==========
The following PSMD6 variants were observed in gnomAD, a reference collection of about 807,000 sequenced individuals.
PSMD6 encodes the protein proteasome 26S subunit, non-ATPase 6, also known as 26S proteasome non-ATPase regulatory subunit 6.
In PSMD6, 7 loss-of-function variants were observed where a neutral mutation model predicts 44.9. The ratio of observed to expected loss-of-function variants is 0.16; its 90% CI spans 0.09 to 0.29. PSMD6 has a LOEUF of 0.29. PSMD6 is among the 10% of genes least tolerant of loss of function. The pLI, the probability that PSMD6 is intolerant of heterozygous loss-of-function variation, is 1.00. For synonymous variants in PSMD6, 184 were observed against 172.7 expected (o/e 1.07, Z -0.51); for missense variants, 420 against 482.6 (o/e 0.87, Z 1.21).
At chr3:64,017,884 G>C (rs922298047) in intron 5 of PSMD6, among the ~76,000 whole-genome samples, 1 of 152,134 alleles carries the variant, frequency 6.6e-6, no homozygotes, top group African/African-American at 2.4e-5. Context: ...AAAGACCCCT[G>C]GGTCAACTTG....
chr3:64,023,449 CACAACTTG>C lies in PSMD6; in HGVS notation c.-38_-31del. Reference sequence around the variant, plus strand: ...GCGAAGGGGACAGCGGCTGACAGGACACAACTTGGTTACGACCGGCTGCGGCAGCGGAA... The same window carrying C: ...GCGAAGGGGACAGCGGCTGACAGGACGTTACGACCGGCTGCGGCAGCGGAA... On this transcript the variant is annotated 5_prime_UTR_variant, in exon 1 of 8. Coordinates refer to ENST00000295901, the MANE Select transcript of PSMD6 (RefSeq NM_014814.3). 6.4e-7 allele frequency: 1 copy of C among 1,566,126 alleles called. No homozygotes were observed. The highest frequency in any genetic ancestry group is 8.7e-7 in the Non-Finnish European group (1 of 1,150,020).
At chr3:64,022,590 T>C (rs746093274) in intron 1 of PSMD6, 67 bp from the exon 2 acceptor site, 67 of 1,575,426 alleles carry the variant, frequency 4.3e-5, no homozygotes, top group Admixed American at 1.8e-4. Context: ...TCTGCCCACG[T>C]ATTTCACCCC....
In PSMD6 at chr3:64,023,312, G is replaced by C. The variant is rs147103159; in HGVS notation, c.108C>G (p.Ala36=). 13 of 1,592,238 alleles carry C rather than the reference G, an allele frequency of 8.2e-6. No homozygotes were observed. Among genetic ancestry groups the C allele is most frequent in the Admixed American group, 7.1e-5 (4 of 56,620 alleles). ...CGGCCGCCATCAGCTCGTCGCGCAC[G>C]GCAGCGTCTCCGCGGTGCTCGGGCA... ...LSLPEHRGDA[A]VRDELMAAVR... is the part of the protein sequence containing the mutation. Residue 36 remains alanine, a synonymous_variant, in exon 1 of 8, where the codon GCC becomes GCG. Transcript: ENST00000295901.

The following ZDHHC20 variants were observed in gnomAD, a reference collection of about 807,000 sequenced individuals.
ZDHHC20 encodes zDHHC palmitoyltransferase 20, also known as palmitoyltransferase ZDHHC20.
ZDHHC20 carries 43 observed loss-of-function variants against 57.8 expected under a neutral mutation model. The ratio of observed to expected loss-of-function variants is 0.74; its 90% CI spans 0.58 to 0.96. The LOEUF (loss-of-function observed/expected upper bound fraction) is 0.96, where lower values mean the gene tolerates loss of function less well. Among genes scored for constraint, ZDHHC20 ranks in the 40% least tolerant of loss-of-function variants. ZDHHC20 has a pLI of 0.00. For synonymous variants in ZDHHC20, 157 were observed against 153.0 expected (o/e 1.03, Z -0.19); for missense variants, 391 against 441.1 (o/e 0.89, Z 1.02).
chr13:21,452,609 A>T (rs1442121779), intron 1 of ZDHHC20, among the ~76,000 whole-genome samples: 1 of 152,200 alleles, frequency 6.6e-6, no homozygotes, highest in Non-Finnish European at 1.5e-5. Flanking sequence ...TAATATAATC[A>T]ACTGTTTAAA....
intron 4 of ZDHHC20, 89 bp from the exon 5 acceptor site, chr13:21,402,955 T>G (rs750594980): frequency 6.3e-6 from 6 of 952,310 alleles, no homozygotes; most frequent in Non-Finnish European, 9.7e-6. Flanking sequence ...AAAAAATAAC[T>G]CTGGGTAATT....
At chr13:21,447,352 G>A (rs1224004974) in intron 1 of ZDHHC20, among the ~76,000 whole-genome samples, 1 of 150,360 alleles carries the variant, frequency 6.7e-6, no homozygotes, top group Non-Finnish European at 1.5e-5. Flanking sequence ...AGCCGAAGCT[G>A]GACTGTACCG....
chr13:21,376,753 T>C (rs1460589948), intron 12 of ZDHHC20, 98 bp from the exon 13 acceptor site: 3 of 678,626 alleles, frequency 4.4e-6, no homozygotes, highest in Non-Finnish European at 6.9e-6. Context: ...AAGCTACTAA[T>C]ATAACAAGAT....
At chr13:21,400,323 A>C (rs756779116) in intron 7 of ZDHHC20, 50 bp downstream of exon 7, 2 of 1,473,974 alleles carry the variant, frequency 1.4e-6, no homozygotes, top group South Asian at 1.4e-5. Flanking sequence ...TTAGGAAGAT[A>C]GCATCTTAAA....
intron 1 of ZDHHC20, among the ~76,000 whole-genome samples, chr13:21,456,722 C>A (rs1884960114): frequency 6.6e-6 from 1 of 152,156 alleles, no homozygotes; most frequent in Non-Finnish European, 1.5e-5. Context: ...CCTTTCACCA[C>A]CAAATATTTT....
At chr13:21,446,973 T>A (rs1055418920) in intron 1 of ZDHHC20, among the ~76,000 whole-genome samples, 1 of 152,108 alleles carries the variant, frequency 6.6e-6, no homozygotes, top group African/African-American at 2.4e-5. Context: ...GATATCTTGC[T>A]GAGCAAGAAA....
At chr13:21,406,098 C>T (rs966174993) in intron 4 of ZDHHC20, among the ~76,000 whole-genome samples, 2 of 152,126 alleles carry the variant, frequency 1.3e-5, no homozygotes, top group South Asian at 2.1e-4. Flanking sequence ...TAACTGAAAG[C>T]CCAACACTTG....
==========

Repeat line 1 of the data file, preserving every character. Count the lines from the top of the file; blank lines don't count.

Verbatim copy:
The following PSMD6 variants were observed in gnomAD, a reference collection of about 807,000 sequenced individuals.